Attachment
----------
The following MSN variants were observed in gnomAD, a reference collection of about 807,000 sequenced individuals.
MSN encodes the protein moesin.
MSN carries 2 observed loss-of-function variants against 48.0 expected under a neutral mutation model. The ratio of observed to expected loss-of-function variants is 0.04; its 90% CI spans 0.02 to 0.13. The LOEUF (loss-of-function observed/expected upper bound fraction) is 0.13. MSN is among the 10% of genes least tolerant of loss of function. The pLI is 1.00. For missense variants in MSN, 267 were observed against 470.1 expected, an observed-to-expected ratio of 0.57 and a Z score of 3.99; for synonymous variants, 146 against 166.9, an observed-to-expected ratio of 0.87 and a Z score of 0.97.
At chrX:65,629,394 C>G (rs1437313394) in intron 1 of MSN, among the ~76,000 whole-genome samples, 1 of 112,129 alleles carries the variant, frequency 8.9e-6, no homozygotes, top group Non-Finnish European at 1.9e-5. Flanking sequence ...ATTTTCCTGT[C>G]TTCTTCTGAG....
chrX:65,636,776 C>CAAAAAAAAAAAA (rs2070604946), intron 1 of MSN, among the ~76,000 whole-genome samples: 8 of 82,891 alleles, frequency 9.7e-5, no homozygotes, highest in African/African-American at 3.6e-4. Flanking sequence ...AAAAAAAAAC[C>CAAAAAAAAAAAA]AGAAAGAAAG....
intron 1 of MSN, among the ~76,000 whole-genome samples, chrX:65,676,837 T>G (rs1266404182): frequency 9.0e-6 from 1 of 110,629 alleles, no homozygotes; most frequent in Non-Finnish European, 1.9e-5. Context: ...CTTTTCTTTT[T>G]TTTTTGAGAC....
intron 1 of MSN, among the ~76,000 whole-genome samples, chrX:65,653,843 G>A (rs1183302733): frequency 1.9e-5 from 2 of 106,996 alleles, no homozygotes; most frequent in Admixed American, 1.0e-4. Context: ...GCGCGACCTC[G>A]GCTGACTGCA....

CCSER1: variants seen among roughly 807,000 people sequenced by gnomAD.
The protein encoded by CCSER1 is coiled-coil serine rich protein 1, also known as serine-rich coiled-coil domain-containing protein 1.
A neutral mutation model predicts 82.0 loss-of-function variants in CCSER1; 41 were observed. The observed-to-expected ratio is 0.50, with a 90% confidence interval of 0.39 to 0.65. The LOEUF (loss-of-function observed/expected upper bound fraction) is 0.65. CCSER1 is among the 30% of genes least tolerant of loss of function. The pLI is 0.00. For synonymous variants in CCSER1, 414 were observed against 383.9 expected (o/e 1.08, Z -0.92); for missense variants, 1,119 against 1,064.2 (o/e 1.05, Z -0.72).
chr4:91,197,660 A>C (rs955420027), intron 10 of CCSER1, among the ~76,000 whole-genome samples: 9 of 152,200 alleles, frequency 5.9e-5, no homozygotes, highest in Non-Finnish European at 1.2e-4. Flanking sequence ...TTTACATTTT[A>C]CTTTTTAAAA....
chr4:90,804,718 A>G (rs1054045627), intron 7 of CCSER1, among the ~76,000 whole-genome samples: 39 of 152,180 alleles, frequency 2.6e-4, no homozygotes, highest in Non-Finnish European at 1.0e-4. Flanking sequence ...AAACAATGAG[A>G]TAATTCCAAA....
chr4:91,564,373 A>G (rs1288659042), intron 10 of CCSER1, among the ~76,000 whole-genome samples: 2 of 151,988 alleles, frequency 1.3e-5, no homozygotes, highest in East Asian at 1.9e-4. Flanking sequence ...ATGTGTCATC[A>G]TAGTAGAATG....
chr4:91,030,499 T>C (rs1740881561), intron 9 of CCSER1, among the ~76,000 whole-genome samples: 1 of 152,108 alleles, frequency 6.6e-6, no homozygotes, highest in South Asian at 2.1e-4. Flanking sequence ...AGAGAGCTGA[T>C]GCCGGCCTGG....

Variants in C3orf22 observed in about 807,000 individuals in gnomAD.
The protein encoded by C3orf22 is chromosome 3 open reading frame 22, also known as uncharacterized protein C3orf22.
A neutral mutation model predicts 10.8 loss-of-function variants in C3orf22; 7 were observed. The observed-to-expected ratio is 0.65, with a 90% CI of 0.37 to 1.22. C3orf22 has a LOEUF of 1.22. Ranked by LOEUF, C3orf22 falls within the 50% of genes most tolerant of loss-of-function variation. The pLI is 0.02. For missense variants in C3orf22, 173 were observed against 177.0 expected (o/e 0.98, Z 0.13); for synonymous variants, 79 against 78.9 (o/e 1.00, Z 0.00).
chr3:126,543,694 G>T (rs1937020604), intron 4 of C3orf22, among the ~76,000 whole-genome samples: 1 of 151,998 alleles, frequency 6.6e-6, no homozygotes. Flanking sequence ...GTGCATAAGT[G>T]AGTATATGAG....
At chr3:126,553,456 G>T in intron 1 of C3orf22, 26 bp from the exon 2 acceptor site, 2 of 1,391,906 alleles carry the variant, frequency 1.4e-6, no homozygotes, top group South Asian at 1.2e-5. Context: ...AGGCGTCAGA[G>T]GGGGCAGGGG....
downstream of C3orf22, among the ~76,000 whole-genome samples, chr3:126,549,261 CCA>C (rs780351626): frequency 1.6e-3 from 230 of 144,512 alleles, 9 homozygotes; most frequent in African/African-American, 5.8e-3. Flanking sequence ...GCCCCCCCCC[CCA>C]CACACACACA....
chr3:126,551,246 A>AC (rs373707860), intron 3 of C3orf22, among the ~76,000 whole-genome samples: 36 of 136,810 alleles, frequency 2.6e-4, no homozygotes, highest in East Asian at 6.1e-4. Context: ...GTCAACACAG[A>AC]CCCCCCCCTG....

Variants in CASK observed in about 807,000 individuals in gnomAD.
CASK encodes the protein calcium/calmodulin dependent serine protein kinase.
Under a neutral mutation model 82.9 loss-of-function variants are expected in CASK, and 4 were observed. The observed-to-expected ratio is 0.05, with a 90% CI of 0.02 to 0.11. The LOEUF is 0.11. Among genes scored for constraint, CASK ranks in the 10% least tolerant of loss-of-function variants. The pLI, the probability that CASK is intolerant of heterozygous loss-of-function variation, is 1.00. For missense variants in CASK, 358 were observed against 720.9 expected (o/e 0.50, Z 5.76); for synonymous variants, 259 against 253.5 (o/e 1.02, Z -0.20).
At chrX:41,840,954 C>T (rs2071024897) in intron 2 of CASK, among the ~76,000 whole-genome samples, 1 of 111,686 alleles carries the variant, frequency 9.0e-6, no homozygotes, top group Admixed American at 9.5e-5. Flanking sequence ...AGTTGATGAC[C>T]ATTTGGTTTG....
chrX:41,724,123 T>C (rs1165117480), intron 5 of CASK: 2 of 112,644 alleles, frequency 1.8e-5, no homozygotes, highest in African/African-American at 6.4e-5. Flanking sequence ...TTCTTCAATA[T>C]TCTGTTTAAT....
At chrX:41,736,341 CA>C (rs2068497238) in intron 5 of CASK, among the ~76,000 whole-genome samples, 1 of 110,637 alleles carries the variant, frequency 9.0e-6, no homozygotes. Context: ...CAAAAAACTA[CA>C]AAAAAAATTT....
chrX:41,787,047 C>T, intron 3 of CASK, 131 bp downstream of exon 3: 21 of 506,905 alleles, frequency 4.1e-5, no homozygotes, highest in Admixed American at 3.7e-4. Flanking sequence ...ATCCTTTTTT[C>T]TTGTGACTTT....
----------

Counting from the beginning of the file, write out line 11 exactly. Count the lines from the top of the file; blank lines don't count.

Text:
chr4:91,197,660 A>C (rs955420027), intron 10 of CCSER1, among the ~76,000 whole-genome samples: 9 of 152,200 alleles, frequency 5.9e-5, no homozygotes, highest in Non-Finnish European at 1.2e-4. Flanking sequence ...TTTACATTTT[A>C]CTTTTTAAAA....